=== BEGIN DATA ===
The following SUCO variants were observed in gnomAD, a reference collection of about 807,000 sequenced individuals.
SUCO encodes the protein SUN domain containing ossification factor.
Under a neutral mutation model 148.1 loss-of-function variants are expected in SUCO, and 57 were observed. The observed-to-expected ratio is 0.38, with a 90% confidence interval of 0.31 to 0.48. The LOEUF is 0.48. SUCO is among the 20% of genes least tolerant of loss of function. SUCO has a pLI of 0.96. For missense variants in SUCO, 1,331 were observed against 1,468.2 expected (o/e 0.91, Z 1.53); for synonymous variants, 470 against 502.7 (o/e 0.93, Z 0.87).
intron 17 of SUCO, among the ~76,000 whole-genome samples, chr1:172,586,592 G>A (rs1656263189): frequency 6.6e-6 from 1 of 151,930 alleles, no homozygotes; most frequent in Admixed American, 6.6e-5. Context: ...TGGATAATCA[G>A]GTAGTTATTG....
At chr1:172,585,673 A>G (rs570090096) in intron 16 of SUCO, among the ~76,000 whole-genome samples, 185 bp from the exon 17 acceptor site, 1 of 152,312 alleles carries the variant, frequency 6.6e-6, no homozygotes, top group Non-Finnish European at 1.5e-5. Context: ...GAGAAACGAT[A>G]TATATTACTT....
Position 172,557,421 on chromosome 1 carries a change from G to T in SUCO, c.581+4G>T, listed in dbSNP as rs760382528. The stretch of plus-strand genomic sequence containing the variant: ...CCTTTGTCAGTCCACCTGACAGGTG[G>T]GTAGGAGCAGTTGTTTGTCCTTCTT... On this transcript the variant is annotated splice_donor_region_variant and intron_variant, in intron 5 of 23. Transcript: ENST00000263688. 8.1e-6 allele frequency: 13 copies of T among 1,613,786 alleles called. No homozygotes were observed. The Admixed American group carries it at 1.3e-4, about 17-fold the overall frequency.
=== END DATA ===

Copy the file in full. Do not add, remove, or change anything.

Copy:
The following SUCO variants were observed in gnomAD, a reference collection of about 807,000 sequenced individuals.
SUCO encodes the protein SUN domain containing ossification factor.
Under a neutral mutation model 148.1 loss-of-function variants are expected in SUCO, and 57 were observed. The observed-to-expected ratio is 0.38, with a 90% confidence interval of 0.31 to 0.48. The LOEUF is 0.48. SUCO is among the 20% of genes least tolerant of loss of function. SUCO has a pLI of 0.96. For missense variants in SUCO, 1,331 were observed against 1,468.2 expected (o/e 0.91, Z 1.53); for synonymous variants, 470 against 502.7 (o/e 0.93, Z 0.87).
intron 17 of SUCO, among the ~76,000 whole-genome samples, chr1:172,586,592 G>A (rs1656263189): frequency 6.6e-6 from 1 of 151,930 alleles, no homozygotes; most frequent in Admixed American, 6.6e-5. Context: ...TGGATAATCA[G>A]GTAGTTATTG....
At chr1:172,585,673 A>G (rs570090096) in intron 16 of SUCO, among the ~76,000 whole-genome samples, 185 bp from the exon 17 acceptor site, 1 of 152,312 alleles carries the variant, frequency 6.6e-6, no homozygotes, top group Non-Finnish European at 1.5e-5. Context: ...GAGAAACGAT[A>G]TATATTACTT....
Position 172,557,421 on chromosome 1 carries a change from G to T in SUCO, c.581+4G>T, listed in dbSNP as rs760382528. The stretch of plus-strand genomic sequence containing the variant: ...CCTTTGTCAGTCCACCTGACAGGTG[G>T]GTAGGAGCAGTTGTTTGTCCTTCTT... On this transcript the variant is annotated splice_donor_region_variant and intron_variant, in intron 5 of 23. Transcript: ENST00000263688. 8.1e-6 allele frequency: 13 copies of T among 1,613,786 alleles called. No homozygotes were observed. The Admixed American group carries it at 1.3e-4, about 17-fold the overall frequency.